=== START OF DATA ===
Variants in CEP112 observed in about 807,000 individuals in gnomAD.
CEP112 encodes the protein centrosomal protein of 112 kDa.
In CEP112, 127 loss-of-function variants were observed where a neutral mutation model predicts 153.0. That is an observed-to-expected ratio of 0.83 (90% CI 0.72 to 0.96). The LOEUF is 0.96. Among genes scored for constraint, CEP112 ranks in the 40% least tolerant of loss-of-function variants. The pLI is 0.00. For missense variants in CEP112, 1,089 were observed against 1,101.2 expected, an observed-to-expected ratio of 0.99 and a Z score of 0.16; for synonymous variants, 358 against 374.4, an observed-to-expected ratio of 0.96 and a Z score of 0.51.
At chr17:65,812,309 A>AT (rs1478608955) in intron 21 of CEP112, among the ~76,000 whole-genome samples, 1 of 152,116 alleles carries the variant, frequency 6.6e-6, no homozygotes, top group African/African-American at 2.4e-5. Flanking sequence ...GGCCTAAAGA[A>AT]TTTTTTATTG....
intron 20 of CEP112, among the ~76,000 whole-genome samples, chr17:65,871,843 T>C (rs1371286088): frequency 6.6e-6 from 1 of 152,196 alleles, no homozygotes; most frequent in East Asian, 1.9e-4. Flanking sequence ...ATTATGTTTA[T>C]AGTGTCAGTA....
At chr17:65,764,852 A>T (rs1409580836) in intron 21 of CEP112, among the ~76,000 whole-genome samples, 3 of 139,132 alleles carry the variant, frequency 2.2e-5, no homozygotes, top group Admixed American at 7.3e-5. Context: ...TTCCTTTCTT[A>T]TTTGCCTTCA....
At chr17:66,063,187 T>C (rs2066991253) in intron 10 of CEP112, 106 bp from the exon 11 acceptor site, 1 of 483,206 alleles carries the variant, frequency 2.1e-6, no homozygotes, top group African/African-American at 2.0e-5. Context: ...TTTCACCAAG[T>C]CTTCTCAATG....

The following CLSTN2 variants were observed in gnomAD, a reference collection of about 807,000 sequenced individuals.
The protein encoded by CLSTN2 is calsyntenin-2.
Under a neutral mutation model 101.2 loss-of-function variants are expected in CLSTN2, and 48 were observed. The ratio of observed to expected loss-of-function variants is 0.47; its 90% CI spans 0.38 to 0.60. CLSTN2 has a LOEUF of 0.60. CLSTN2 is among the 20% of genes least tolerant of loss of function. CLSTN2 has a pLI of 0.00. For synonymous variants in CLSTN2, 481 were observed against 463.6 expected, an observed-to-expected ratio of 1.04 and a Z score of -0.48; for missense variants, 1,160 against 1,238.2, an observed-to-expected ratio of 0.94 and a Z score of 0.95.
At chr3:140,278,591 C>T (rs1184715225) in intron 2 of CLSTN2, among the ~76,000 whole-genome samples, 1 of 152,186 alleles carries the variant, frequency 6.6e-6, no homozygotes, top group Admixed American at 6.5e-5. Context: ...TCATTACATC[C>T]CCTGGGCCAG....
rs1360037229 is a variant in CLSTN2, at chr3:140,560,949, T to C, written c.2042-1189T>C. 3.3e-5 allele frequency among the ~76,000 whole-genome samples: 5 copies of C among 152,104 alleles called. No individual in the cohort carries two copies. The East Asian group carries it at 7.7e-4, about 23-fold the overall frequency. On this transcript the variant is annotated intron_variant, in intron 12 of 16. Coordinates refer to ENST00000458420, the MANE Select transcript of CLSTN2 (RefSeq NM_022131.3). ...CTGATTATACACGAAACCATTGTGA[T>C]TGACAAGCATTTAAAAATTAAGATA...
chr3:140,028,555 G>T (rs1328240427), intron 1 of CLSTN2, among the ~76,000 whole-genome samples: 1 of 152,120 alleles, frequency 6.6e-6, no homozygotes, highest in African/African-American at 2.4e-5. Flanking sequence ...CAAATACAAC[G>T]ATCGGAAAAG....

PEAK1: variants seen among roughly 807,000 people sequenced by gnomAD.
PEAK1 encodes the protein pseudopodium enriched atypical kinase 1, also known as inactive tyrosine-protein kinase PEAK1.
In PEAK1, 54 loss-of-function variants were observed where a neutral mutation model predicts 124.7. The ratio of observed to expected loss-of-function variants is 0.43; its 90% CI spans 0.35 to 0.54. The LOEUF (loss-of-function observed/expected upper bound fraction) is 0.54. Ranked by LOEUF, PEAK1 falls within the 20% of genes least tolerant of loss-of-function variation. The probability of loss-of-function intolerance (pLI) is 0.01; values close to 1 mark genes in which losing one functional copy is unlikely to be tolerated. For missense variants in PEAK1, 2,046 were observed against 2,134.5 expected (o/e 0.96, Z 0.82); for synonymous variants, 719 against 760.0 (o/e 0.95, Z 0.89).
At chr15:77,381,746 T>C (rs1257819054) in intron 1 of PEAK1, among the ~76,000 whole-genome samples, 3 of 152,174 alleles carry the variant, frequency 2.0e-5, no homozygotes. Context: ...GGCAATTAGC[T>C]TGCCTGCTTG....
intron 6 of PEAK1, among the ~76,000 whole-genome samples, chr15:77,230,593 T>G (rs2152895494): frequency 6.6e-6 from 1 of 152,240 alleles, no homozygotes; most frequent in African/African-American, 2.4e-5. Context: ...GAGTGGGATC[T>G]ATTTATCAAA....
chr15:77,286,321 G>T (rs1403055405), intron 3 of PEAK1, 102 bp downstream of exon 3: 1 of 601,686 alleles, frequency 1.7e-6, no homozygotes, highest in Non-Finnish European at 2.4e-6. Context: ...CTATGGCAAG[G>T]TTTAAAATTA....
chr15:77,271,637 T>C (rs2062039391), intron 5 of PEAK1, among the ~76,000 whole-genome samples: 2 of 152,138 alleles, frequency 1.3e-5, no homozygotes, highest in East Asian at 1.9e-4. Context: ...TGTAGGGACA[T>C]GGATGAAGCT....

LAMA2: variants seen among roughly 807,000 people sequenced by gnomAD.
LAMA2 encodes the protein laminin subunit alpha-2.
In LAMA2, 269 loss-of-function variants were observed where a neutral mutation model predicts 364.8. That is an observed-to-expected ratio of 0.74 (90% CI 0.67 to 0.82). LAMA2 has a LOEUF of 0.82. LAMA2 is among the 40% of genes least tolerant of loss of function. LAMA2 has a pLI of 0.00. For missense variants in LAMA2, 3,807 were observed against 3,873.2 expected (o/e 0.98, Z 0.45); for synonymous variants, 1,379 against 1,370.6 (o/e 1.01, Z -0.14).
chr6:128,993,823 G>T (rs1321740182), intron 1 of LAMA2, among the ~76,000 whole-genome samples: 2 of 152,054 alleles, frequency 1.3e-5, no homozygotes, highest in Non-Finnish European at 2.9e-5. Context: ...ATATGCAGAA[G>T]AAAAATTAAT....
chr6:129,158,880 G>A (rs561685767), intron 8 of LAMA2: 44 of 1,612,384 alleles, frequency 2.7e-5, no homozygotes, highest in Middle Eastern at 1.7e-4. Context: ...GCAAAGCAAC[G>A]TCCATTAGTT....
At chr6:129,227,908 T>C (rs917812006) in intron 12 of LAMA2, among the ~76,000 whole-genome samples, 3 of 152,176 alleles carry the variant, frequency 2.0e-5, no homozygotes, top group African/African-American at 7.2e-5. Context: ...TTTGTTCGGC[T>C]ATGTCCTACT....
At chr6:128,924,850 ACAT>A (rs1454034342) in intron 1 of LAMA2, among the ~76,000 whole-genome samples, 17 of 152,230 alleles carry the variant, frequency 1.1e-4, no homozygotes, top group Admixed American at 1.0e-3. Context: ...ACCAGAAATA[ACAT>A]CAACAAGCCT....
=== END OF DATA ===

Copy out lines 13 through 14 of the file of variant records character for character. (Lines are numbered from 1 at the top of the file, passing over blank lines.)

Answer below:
chr3:140,028,555 G>T (rs1328240427), intron 1 of CLSTN2, among the ~76,000 whole-genome samples: 1 of 152,120 alleles, frequency 6.6e-6, no homozygotes, highest in African/African-American at 2.4e-5. Flanking sequence ...CAAATACAAC[G>T]ATCGGAAAAG....

PEAK1: variants seen among roughly 807,000 people sequenced by gnomAD.